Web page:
For Shelley Zielinski, Adult Services Supervisor, this acquisition has already made a difference in the community. “For many, the perception of Pathways was that it was a work program when, in fact, the programming includes early learning, community support, case management and so much more. Pine Tree Society has helped with all of that.”
Karen McClure-Richard, Director of The Early Learning Center, agrees. “The support and excitement is there.”
The Early Learning Center provides early intervention and special education programming for children ages three through six.
“It’s important to identify the needs of children as early as possible. It helps so much with their success,” continued McClure-Richard. “Our program identifies what each child needs to be successful in school. When a child transitions to kindergarten, we already understand what they need to succeed and we develop a plan for the school so they can utilize all the things we have learned about how that particular child learns.”
Offered in partnership between the Autism Transition Program and Pine Tree Camp staff, the retreat programming is designed to promote social connections, social skills and self discovery in a beautiful natural environment.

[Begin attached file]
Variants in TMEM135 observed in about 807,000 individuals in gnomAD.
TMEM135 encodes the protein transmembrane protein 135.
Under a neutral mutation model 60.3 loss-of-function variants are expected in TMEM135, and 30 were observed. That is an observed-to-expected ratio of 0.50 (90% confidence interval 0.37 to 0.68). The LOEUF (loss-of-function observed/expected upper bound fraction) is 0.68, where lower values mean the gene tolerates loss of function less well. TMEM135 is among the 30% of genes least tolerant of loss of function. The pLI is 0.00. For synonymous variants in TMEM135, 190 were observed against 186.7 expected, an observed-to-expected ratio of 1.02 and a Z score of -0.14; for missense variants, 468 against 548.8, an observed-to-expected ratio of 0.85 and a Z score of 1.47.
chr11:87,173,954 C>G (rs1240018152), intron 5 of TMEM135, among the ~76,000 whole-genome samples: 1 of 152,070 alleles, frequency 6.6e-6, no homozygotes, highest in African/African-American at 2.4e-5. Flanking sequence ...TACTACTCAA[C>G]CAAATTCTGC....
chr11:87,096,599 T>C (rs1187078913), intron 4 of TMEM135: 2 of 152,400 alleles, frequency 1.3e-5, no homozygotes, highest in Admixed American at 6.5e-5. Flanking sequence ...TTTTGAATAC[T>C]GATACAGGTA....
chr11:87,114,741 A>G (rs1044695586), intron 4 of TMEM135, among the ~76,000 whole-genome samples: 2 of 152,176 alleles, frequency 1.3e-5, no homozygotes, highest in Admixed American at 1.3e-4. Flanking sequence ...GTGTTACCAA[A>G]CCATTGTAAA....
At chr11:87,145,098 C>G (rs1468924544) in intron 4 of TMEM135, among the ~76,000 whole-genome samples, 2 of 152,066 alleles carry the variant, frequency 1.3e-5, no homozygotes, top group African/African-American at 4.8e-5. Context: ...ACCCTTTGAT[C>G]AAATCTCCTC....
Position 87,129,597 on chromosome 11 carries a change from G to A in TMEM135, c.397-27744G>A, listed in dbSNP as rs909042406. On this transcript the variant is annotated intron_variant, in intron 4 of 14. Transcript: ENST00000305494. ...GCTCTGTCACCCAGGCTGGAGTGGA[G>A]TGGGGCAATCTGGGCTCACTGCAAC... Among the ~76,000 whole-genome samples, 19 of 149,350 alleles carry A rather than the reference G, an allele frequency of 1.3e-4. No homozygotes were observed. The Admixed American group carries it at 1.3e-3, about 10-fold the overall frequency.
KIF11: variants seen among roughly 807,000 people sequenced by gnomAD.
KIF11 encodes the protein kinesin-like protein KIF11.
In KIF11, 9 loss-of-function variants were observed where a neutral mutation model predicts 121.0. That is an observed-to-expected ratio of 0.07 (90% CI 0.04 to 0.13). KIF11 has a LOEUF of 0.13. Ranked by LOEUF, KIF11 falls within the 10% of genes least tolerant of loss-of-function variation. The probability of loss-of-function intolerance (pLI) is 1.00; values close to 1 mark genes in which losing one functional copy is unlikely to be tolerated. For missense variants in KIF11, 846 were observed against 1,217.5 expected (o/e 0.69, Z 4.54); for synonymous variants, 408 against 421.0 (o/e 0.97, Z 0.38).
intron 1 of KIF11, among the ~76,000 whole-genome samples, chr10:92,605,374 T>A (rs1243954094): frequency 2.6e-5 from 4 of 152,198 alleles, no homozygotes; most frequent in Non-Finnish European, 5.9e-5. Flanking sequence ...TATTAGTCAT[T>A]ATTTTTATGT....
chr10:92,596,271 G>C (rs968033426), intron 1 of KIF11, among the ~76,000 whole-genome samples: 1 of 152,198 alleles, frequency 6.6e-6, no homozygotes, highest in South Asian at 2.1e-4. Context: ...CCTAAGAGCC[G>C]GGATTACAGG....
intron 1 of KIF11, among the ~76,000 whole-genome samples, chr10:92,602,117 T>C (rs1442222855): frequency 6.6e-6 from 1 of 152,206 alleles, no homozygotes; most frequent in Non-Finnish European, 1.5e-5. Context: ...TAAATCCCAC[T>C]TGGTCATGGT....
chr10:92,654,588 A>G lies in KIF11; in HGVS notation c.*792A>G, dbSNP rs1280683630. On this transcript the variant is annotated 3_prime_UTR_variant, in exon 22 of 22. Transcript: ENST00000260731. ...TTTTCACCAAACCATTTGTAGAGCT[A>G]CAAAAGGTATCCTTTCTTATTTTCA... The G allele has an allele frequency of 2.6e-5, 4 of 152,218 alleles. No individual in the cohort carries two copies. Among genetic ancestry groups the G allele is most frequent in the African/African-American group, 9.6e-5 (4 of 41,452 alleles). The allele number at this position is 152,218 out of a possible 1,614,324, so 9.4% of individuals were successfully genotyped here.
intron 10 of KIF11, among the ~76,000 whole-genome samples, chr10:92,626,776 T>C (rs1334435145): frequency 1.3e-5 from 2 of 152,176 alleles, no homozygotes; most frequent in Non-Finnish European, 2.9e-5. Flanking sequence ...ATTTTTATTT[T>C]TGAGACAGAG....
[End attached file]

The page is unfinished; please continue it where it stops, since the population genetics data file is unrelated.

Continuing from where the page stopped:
Pine Tree Camp offers 285 fully accessible acres with staff who have experience and expertise designing and offering programming for people of all abilities and all ages.
Through participation in fun-filled seasonal, nature-based and self-exploration activities including hikes, dream book creation, outdoor games, team building activities, and, of course, making s’mores around the campfire, participants will:
The retreat also offers a respite opportunity to parents/caregivers, whether they choose to participate at Pine Tree Camp or return to their home. A parent/caregiver may attend with the individual, but caregiver participation is not necessary. For those who stay, we will offer opportunities to connect, network and enjoy plenty of respite and relaxation.
Noah has a goal of attending college when he graduates. Alannah is a high school sophomore looking for a part time job. Kate just turned 20 and would like to be able to live on her own. These goals might sound like those any young person in Maine would strive for, but there is one key difference that makes their goals unique: Noah, Alannah, and Kate all have autism. For them, achieving their ambitions takes extra commitment and effort.